graphic inflation

The National Statistics Institute’s flash estimate shows that inflation in December slowed down again for the fourth month in a row. Relief from rising food prices explains the new slowdown, supported by Zero VAT, which is still in force on a number of essential food items.

Inflation slowed to 1.4% in December, according to the flash estimate from the National Statistics Institute (INE) released this Friday. This slowdown is explained by the easing of food price rises, explained by the zero VAT still in force on a number of essential food items.

“Based on the information already collected, the year-on-year rate of change in the consumer price index (CPI) will have fallen to 1.4% in December 2023, 0.1 percentage points lower than in the previous month,” says INE.

This is already the fourth consecutive slowdown in the consumer price index, since the slight acceleration in August. In November, inflation had already fallen below the European Central Bank’s 2% target (1.6%) and now, in December, the year-on-year change has slowed down even more, reaching the lowest value since June 2021.

INE indicates that “the main contribution to this slowdown comes from the behavior of food prices, which fell by 0.6% compared to the previous month”. The index for unprocessed food products slowed to 2%, compared to 3.5% in November.

Also pulling down the year-on-year change in inflation was the index for energy products. However, in December, energy fell less than in the previous month. The year-on-year change was -10.5%, compared to -12.4% in the previous month.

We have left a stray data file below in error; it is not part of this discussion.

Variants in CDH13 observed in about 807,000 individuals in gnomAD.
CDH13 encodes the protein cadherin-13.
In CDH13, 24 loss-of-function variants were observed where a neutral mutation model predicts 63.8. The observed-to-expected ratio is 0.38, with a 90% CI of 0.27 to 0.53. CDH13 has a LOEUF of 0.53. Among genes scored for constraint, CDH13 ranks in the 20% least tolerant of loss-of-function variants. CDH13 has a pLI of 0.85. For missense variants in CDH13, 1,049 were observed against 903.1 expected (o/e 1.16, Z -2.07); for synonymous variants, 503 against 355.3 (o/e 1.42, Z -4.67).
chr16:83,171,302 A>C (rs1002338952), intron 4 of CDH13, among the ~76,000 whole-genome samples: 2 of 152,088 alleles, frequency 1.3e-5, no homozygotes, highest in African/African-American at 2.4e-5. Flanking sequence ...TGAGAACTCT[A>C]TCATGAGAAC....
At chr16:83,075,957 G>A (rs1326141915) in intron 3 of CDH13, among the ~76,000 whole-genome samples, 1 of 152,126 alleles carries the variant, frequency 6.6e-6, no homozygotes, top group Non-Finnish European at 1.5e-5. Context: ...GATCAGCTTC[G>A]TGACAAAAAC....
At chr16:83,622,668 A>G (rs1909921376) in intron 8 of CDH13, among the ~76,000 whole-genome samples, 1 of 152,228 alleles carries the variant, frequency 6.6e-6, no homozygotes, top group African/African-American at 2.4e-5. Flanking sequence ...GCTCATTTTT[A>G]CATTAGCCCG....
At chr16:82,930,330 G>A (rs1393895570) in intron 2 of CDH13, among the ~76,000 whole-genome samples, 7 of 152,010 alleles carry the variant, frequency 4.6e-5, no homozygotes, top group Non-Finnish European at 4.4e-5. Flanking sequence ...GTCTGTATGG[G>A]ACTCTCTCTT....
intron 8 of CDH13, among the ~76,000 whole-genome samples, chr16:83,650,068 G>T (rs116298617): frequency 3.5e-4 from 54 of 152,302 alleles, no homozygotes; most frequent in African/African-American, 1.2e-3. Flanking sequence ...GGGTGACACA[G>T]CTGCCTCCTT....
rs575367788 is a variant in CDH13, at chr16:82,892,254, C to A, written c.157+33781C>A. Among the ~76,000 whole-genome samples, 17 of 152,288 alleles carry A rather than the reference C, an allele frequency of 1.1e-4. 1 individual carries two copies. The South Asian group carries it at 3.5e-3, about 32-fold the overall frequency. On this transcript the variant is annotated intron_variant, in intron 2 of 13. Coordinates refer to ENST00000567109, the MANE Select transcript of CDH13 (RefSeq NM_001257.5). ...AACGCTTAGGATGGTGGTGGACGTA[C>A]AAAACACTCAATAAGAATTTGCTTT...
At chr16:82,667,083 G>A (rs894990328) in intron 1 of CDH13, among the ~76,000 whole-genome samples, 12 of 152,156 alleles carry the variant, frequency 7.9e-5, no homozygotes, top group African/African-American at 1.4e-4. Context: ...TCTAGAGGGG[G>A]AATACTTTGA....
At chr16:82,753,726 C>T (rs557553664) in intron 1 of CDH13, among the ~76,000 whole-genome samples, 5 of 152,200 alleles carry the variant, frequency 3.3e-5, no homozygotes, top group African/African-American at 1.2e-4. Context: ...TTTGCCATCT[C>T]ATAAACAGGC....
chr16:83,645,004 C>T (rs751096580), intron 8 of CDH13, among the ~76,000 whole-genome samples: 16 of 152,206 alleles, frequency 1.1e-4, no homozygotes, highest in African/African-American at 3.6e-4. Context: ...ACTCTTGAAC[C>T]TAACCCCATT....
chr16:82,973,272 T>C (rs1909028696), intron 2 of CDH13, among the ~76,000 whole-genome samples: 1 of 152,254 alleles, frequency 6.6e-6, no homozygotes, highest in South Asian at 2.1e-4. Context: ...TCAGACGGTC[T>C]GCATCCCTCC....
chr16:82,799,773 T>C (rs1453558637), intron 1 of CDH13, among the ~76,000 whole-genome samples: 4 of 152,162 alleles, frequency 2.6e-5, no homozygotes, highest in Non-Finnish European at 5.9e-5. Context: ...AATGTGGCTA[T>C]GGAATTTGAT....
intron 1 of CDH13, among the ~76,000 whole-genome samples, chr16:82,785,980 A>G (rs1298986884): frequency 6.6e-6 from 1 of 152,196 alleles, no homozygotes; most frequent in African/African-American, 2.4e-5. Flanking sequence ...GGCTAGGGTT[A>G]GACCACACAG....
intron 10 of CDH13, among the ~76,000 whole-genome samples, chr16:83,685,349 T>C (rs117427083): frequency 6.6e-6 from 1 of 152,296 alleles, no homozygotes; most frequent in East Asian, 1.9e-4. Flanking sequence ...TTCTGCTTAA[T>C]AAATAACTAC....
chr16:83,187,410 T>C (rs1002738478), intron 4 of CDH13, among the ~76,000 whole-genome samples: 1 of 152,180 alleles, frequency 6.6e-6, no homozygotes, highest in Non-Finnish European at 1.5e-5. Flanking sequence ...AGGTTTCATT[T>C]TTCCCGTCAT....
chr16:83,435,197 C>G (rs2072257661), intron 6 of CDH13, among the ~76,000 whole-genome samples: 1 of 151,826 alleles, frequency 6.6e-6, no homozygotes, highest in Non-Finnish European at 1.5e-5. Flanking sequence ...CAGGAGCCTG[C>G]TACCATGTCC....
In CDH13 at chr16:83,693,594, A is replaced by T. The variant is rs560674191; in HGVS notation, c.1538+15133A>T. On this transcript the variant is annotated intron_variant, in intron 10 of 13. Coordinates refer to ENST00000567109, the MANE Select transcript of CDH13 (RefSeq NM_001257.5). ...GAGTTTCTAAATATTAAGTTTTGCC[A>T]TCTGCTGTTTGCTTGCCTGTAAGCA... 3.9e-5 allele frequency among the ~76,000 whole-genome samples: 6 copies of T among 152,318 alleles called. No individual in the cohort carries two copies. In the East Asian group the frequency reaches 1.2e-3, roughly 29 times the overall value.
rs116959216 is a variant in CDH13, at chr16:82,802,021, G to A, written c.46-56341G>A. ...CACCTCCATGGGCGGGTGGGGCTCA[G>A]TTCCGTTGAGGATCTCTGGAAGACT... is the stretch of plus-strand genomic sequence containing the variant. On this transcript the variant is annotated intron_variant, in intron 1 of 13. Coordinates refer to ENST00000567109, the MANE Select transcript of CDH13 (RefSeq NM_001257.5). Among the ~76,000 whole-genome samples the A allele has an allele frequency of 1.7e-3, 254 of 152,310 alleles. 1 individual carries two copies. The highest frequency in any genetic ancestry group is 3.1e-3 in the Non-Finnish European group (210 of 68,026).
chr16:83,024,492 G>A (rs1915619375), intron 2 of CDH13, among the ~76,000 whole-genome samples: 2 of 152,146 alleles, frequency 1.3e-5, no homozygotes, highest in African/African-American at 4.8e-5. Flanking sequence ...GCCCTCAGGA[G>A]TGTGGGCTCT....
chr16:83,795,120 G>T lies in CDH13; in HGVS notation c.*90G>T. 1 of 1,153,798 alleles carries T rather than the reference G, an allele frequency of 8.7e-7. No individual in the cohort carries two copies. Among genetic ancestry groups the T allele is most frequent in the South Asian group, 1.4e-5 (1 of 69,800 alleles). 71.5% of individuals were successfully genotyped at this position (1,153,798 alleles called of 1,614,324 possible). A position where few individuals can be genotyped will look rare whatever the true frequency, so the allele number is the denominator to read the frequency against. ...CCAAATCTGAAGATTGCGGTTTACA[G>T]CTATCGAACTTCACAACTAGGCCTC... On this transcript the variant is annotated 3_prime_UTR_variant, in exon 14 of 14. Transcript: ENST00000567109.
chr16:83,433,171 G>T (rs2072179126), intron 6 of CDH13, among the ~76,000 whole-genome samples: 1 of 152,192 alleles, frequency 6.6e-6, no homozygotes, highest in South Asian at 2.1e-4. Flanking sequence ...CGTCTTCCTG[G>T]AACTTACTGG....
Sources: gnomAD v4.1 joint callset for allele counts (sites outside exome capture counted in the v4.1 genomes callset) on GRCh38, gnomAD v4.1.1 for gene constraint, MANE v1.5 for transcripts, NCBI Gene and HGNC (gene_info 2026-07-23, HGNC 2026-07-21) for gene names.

On the other hand, the underlying inflation indicator, which excludes unprocessed food and energy products (as they are more subject to price changes), is said to have registered a change of 2.6%. This figure compares with 2.9% in the previous month and is the one the ECB is paying most attention to when defining its monetary policy.

Compared to the previous month, the change in the CPI was -0.5%, two tenths less than in November and December 2022. The average change over the last twelve months is estimated at 4.3%, compared to 5% in the previous month. This compares with an average change of 7.8% in 2022.

On the other hand, Portugal’s Harmonized Index of Consumer Prices (HICP), which allows price trends to be compared with those of the other member states, is estimated to have recorded a year-on-year change of 1.8%, four tenths less than in November.

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